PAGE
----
Over the weekend, the New York Daily News alleged that Toobin — who has been married to fellow journalist and Harvard alum Amy McIntosh, for almost 25 years — has long had a wandering eye. According to Rush & Molloy:
[Toobin] is said to have made a play for a well-known media figure. The woman, who met Toobin about 15 years ago, contends he hit on her repeatedly, using some shockingly sexual come-on lines.
“I was at a party in Washington,” the woman tells us. “He came up behind me and whispered in my ear …”
This being a family newspaper, we can’t repeat what Toobin allegedly told the woman he’d like to do to her. But the woman recalls, “I didn’t even know who he was. I couldn’t believe my ears. It was so disgusting. At the time, I never even knew people did that.”
So what did Toobin want to do to this “well-known media figure”?
So let’s get inside the not-so-secret world of Jeff Toobin and Casey Greenfield — daughter of television personality Jeff Greenfield and an associate at Gibson Dunn (so there’s a Biglaw connection here too). From the New York Daily News:
One of the media elite’s most whispered-about scandals went public Wednesday when married CNN correspondent Jeffrey Toobin squared off with a woman who says he’s the father of her baby.
Yale-educated lawyer Casey Greenfield — the daughter of eminent CBS News analyst Jeff Greenfield — had a chilly faceoff with Toobin in Manhattan Family Court.
Watch out, Jeff: Casey practices in litigation at Gibson Dunn, recently named by the American Lawyer as Litigation Department of the Year. And if this litigatrix loses, she might take it to a higher court — perhaps aided by GDC’s stellar appellate practice. (Thanks to Ted Olson’s involvement in the Proposition 8 case, Gibson lawyers are acquiring expertise in family and matrimonial law.)
More discussion — plus a better photo of Casey Greenfield, who’s quite attractive — after the jump.
The current New Yorker has an interesting piece by Jeffrey Toobin on President Obama’s judicial picks. Toobin took part in a live chat about the piece at NewYorker.com right nowearlier todayif you’re interested. (Try not to crash their website.). UPDATE: The chat’s quite interesting. Toobin reveals why he likes Justice Souter best and answers this young wannabe judge’s question:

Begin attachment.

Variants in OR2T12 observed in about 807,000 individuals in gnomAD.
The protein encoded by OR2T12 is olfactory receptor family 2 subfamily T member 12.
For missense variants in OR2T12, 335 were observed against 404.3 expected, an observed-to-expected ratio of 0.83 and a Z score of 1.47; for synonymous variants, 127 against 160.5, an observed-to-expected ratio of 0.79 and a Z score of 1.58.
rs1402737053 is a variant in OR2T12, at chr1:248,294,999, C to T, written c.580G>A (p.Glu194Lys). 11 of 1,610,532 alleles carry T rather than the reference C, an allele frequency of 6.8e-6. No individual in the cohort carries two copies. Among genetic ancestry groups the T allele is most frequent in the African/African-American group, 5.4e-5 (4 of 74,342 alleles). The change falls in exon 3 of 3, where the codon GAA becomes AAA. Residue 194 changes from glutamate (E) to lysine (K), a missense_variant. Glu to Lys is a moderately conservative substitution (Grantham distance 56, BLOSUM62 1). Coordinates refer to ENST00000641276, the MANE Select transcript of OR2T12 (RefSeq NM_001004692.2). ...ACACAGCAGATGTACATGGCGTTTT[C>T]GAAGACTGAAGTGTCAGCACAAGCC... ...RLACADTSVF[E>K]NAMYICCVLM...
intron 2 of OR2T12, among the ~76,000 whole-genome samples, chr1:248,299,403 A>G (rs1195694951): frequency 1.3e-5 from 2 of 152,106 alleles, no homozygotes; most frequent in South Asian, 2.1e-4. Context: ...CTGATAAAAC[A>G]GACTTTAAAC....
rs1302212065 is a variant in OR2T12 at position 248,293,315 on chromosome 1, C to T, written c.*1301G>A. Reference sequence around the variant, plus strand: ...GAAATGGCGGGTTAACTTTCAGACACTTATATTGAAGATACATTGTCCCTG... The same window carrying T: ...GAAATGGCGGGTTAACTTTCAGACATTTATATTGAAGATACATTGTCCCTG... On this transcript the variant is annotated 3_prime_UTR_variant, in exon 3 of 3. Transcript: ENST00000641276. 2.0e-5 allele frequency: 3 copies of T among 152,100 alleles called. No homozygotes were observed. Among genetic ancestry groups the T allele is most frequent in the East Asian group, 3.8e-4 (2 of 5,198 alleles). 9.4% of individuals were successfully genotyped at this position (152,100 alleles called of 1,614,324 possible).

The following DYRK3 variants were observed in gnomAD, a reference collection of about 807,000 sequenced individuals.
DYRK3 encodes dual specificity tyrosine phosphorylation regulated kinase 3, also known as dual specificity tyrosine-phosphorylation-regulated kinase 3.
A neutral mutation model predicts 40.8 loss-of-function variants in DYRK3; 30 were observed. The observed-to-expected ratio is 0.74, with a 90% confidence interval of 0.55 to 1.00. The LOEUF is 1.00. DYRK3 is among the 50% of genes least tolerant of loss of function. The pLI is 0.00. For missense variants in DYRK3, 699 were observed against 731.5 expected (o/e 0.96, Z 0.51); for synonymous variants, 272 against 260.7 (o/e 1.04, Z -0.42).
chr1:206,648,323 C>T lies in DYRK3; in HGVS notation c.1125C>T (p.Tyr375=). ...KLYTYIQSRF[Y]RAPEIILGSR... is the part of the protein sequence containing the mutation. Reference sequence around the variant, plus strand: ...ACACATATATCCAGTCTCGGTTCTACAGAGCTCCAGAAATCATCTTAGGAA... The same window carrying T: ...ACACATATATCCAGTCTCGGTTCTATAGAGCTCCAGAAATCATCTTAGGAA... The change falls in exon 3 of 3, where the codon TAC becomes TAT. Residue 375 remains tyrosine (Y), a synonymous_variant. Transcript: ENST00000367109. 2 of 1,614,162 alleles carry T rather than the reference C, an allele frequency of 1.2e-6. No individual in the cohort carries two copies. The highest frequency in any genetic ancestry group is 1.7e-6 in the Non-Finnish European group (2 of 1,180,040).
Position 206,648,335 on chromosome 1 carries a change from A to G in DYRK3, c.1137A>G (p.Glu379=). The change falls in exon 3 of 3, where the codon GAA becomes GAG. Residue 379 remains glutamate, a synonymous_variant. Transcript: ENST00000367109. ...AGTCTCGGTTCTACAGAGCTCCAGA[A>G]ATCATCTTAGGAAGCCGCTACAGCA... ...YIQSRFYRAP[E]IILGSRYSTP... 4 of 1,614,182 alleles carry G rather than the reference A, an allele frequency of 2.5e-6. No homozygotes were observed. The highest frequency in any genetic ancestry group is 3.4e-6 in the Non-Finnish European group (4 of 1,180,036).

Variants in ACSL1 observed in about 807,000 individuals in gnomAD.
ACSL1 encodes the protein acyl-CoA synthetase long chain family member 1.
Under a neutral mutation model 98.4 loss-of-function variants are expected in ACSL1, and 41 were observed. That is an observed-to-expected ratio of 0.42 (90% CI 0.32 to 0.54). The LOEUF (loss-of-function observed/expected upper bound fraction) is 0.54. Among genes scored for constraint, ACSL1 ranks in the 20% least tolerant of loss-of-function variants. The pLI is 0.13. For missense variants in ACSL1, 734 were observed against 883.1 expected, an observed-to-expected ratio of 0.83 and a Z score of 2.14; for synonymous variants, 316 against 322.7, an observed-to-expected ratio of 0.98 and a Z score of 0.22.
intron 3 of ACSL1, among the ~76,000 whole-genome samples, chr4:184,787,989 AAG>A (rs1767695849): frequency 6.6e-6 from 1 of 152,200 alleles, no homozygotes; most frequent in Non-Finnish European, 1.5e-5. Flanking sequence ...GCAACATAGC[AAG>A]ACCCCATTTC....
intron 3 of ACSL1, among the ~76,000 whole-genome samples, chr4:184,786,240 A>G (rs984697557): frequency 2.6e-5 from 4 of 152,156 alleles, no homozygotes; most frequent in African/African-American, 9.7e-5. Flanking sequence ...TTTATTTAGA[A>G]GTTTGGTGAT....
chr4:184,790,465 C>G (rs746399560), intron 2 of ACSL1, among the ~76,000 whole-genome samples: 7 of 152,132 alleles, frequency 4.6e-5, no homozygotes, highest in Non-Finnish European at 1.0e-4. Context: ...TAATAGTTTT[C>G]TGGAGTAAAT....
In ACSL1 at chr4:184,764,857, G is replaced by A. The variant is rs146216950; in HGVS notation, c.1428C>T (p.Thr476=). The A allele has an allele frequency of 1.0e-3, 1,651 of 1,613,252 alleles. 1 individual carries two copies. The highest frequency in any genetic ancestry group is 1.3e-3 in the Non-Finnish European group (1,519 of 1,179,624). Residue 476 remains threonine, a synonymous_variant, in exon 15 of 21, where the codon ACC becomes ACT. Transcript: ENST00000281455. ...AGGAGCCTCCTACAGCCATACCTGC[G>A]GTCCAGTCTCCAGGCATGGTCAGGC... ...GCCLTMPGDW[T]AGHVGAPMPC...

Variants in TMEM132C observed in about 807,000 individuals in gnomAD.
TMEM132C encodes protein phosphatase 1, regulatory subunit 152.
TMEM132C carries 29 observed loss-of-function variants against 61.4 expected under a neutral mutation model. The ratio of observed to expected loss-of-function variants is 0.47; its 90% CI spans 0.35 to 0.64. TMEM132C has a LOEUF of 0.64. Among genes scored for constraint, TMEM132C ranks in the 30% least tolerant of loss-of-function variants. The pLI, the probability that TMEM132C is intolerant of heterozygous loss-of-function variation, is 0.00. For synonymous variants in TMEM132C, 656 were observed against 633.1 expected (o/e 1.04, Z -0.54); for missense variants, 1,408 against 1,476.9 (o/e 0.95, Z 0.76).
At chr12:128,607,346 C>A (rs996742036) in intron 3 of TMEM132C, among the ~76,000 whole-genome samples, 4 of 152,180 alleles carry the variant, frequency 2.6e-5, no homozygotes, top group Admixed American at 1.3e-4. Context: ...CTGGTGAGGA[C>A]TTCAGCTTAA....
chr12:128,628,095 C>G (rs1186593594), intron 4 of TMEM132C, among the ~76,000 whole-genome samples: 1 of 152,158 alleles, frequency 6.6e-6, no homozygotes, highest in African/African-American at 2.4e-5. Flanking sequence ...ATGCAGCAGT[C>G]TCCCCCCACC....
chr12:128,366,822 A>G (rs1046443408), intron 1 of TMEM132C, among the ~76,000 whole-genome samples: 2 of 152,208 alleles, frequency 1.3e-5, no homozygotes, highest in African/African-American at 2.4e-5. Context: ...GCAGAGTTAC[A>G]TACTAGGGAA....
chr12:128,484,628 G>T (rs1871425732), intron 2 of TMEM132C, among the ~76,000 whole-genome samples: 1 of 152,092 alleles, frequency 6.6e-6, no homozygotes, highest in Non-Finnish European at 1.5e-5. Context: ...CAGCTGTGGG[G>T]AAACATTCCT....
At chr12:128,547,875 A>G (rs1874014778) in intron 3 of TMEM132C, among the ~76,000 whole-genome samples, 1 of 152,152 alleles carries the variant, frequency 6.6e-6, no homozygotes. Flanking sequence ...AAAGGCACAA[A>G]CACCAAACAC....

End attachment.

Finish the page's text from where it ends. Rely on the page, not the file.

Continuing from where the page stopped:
11:31 Guest: I’m a 25 year old law student, I want to be a judge, and my roommate smokes pot. How worried should I be? Do you think people will still care when I’m older?
11:32 Jeffrey Toobin: Don’t inhale! I’m kidding. I don’t think it will make a bit of difference. Our president has more or less admitted he was a pretty big pothead in his day, and it’s been a non-issue. Certainly the fact that your roommate smokes — not you — is irrelevant.
Toobin’s piece is available online to non-subscribers here. If you don’t feel like clicking through seven pages, here’s the ATL reader’s digest version:
Aging liberal judges hung on through the Bush era, but once a Dem took over, they were ready to hang up their robes. Additionally, since 2006, Senator Patrick Leahy has prevented Bush’s nominees from getting through the Judiciary Committee. Now vacancies abound in the federal judiciary.
Bush kicked ass in choosing judges; Obama is taking his sweet time. In the first eight months of their respective terms, Bush nominated 52 judges while Obama has chosen 17.
Obama says he’s looking for “experiential diversity” in his judicial nominations: “not just judges and prosecutors but public defenders and lawyers in private practice.” But his first batch of nominees are mainly former judges, like SCOTUS justice Sonia Sotomayor and Indianapolis federal district judge David Hamilton, nominated by Obama to the Seventh Circuit.
More bullets, after the jump.
* Struggling to compete for business in a shrinking market, law firms are hiring image and marketing consultants to improve their chances–one Philadelphia-based image consultant even tells them how to dress for the courtroom. Lay-off problem solved–apparently all you need is a makeover. [The Wall Street Journal]
* Not only that, but in an effort to be more business savvy, more firms are investing in management courses for their top lawyers. [The Wall Street Journal]
* Tweets lawyers should follow. [Law.com]
* Jeffrey Toobin on John Roberts. [The New Yorker] UPDATE: * Kash on Toobin on Roberts. [Above The Law]
* The District US Court of Appeals ruled that the White House can keep emails from the public because the White House Office of Administration is not subject to The Freedom of Information Act. [The Philadelphia Inquirer]